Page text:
wonderful article about statistics in medicine, is good re: CH

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Posted by gary ( on January 05, 2000 at 01:22:52:

A few years back i was surfing up stuff for a relative with cancer and found this WONDERFUL article by Stephen J Gould of Harvard. (Arguably one of the brightest life science minds on earth today).

It is about medical statistics being misinterpreted and misapplied, as much by doctors as anyone else - not because they don't know their medicine, but they don't know what the numerical statements REALLY mean.

To me, the principles involved are applicable to a lot of what we see in CH research reports, and it's real important (I think) not to go running all over the speculative landscape with faulty conclusions based on shallow or false ideas of what all these %s mean and don't mean.

I clipped a couple paragraphs, which follow.
If it sounds like the sort of reading/thinking that interests you, follow the link below to the complete article.


excerpt from The Median is Not the Message, By Stephen J Gould:

We still carry the historical baggage of a Platonic heritage that seeks sharp essences and definite boundaries. (Thus we hope to find an unambiguous "beginning of life" or "definition of death," although nature often comes to us as irreducible continua.)

This Platonic heritage, with its emphasis in clear distinctions and separated immutable entities, leads us to view statistical measures of central tendency wrongly, indeed opposite to the appropriate interpretation in our actual world of variation, shadings, and continua.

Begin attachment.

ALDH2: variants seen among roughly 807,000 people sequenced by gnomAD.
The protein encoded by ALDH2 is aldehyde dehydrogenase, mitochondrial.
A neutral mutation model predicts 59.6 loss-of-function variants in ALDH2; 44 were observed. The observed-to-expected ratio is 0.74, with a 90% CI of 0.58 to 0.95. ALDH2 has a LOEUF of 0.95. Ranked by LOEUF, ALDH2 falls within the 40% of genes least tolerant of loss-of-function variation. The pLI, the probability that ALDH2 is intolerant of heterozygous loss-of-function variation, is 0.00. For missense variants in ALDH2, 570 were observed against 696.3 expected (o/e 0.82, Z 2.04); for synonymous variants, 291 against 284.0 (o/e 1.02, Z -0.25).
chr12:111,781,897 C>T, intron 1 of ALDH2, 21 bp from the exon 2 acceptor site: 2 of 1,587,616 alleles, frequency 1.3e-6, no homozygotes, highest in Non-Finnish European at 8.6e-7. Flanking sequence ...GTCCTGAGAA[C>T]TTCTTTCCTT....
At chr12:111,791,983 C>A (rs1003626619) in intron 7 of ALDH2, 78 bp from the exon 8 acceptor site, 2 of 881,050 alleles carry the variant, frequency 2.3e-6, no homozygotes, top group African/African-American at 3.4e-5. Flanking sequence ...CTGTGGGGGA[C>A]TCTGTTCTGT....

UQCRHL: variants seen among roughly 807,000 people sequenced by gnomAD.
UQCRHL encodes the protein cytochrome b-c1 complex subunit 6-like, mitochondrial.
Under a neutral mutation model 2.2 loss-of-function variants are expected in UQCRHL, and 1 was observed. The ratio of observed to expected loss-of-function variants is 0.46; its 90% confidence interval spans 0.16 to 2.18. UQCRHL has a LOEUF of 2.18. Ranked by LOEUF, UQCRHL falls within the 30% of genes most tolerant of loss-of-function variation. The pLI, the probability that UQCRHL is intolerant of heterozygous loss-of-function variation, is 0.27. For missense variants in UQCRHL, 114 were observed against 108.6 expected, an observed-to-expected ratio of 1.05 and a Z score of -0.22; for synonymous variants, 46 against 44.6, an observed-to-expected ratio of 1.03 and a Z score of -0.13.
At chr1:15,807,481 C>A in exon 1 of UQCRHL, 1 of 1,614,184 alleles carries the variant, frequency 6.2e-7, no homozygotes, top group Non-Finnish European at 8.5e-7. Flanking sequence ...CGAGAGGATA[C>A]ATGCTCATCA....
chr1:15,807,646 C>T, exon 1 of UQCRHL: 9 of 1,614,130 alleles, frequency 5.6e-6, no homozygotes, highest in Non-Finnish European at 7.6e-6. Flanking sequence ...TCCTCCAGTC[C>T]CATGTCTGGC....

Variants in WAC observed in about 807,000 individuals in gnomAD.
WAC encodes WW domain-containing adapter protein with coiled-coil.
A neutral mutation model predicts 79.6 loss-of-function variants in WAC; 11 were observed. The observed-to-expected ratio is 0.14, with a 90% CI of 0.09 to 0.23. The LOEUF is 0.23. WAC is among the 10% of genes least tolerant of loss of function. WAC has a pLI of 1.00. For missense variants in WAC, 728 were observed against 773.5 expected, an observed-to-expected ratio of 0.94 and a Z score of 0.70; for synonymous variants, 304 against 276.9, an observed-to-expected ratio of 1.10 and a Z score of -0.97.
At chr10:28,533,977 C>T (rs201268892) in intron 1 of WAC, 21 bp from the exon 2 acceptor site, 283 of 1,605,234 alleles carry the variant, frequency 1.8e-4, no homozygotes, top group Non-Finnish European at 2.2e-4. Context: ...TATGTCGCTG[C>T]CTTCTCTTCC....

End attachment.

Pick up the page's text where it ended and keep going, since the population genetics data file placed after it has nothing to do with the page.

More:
In short, we view means and medians as the hard "realities," and the variation that permits their calculation as a set of transient and imperfect measurements of this hidden essence. If the median is the reality and variation around the median just a device for its calculation, the "I will probably be dead in eight months" may pass as a reasonable interpretation.

But all evolutionary biologists know that variation itself is nature's only irreducible essence. Variation is the hard reality, not a set of imperfect measures for a central tendency. Means and medians are the abstractions. Therefore, I looked at the mesothelioma statistics quite differently - and not only because I am an optimist who tends to see the doughnut instead of the hole, but primarily because I know that variation itself is the reality. I had to place myself amidst the variation.

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